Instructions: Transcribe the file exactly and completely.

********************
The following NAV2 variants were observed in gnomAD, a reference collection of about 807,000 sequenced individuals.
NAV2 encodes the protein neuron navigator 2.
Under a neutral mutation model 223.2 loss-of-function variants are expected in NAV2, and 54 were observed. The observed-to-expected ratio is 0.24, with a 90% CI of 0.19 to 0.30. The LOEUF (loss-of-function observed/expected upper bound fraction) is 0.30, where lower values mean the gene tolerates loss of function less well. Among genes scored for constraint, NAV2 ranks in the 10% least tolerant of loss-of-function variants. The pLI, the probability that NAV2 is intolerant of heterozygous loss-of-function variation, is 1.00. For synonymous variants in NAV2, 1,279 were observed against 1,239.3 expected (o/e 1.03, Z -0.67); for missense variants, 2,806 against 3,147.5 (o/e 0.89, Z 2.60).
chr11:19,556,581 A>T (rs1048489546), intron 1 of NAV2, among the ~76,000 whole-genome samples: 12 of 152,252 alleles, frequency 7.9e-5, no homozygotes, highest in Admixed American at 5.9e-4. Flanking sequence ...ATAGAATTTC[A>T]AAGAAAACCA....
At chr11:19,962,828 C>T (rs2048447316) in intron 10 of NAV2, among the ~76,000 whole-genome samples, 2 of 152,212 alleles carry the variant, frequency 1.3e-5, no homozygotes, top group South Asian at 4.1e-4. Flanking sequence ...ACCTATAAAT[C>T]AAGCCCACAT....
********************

The following NAV2 variants were observed in gnomAD, a reference collection of about 807,000 sequenced individuals.
NAV2 encodes the protein neuron navigator 2.
Under a neutral mutation model 223.2 loss-of-function variants are expected in NAV2, and 54 were observed. The observed-to-expected ratio is 0.24, with a 90% CI of 0.19 to 0.30. The LOEUF (loss-of-function observed/expected upper bound fraction) is 0.30, where lower values mean the gene tolerates loss of function less well. Among genes scored for constraint, NAV2 ranks in the 10% least tolerant of loss-of-function variants. The pLI, the probability that NAV2 is intolerant of heterozygous loss-of-function variation, is 1.00. For synonymous variants in NAV2, 1,279 were observed against 1,239.3 expected (o/e 1.03, Z -0.67); for missense variants, 2,806 against 3,147.5 (o/e 0.89, Z 2.60).
chr11:19,556,581 A>T (rs1048489546), intron 1 of NAV2, among the ~76,000 whole-genome samples: 12 of 152,252 alleles, frequency 7.9e-5, no homozygotes, highest in Admixed American at 5.9e-4. Flanking sequence ...ATAGAATTTC[A>T]AAGAAAACCA....
At chr11:19,962,828 C>T (rs2048447316) in intron 10 of NAV2, among the ~76,000 whole-genome samples, 2 of 152,212 alleles carry the variant, frequency 1.3e-5, no homozygotes, top group South Asian at 4.1e-4. Flanking sequence ...ACCTATAAAT[C>T]AAGCCCACAT....